Retailers in Long Beach will still be able to distribute paper bags, so long as they contain at least 40% post-consumer content. Shoppers who forget their reusable bags have the option of purchasing paper bags at checkout for 10 cents each. Heavy-duty reusable bags are convenient, environmentally friendly alternatives that have been embraced by hundreds of millions of consumers around the world.

Long Beach joins a long list of governments that have enacted progressive curbs on single-use plastic bags, including China, Bangladesh, San Francisco and Mexico City.

About Heal the Bay

Heal the Bay is a nonprofit environmental organization dedicated to making Southern California coastal waters and watersheds, including Santa Monica Bay, safe, healthy and clean. We use research, education, community action and advocacy to pursue our mission.

Contact: Kirsten James, Heal the Bay, (310) 451-1500, x 162 or (310) 713-3091 cell

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City of Long Beach Press Releases Invite Public Input on Restaurants, Bikes

March 4, 2011 2 comments

Two recent press releases from The City of Long Beach invite public opinion on development projects. Yesterday, March 3, the city invited North Long Beach residents to a public forum to be held this Saturday March 5, at Jordan High School, concerning the planning and design of a new restaurant project at Atlantic Ave. and Artesia Blvd.

Today, the city issued another press release detling four upcoming workshops on Long Beach’s Bicycle Master Plan.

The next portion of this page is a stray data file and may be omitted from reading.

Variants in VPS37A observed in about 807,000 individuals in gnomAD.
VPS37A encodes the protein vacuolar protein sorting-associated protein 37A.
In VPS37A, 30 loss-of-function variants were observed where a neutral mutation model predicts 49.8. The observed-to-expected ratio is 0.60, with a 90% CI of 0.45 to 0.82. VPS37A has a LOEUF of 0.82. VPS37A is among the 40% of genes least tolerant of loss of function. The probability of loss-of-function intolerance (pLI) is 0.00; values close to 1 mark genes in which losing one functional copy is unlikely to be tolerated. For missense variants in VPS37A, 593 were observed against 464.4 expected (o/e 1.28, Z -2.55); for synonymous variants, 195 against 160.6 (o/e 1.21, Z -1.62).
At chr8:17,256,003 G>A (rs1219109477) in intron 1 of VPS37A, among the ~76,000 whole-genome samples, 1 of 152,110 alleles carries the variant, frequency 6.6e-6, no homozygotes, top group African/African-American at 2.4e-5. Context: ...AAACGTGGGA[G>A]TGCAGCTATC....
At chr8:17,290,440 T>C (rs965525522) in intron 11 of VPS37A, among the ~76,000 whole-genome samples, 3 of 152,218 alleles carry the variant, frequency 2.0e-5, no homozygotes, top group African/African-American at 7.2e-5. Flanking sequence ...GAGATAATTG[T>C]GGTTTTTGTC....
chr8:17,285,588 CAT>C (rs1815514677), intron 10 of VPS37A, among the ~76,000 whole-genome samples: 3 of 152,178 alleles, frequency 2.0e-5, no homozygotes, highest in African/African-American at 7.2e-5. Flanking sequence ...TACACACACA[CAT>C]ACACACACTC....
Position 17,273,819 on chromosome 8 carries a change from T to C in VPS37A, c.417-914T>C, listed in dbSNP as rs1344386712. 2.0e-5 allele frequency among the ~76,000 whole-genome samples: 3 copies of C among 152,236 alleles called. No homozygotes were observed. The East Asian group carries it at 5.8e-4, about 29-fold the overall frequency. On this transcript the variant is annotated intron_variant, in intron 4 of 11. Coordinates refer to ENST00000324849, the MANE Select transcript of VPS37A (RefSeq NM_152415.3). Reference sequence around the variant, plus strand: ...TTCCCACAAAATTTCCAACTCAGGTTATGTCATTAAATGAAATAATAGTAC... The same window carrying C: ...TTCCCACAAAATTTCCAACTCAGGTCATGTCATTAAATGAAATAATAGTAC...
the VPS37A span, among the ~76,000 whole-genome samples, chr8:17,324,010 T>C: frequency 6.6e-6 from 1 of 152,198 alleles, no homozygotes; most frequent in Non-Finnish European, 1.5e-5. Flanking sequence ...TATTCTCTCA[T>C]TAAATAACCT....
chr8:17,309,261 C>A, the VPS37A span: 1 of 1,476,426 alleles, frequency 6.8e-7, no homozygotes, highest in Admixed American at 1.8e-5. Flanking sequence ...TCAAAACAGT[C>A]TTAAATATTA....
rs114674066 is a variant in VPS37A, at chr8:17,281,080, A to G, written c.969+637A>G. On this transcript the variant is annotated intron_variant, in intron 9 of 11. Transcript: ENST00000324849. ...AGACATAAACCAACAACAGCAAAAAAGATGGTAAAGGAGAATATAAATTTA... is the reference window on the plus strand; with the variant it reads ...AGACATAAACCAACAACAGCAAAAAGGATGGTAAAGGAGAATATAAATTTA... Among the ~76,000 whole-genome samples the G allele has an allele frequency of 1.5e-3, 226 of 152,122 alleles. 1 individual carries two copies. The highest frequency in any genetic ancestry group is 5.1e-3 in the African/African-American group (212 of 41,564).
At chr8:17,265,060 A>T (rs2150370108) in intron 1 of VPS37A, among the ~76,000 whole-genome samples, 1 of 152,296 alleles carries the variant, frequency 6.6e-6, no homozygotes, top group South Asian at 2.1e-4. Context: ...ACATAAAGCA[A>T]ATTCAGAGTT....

Both have been reprinted below.

3/4/2011

FOR IMMEDIATE RELEASE
PRESS RELEASE #CM: 030411
Subject : Public Invited to Attend Bicycle Master Plan Update Community Workshops and Bike Rides
Contact : Sumire Gant, Transportation Programs Officer    562.570.6618
sumire.gant@longbeach.gov
Want to help make Long Beach more livable and bike-friendly?  Participate in one of the four final Bicycle Master Plan Update community workshops being hosted during March. The Department of Public Works is completing an update of the City’s Bicycle Master Plan (BMP). Since the adoption of the current BMP in 2001, the City has been successful in completing and/or funding virtually all of the short-term projects identified within the BMP, including:

  • Bicycle Signage Program;
  • Bicycle Parking Program;
  • Bike Safety Awareness Program; and
  • Nine of ten identified priority bike lanes and routes.

Through Bicycle Master Plan workshops, community members will have the opportunity to both learn about and experience innovative bicycle facility treatments, including bike boulevards and sharrows, while participating in the planning of an innovative alternative transportation system that serves users of all ages and skill levels.

The Saturday workshops will feature optional neighborhood bike ride designed for cyclists of all skill levels. They will also include a bicycle rodeo for children to learn bike safety skills, and bike valet services.

For more information, please contact Courtney Aguirre at 562.570.6667 or courtney.aguirre@longbeach.gov.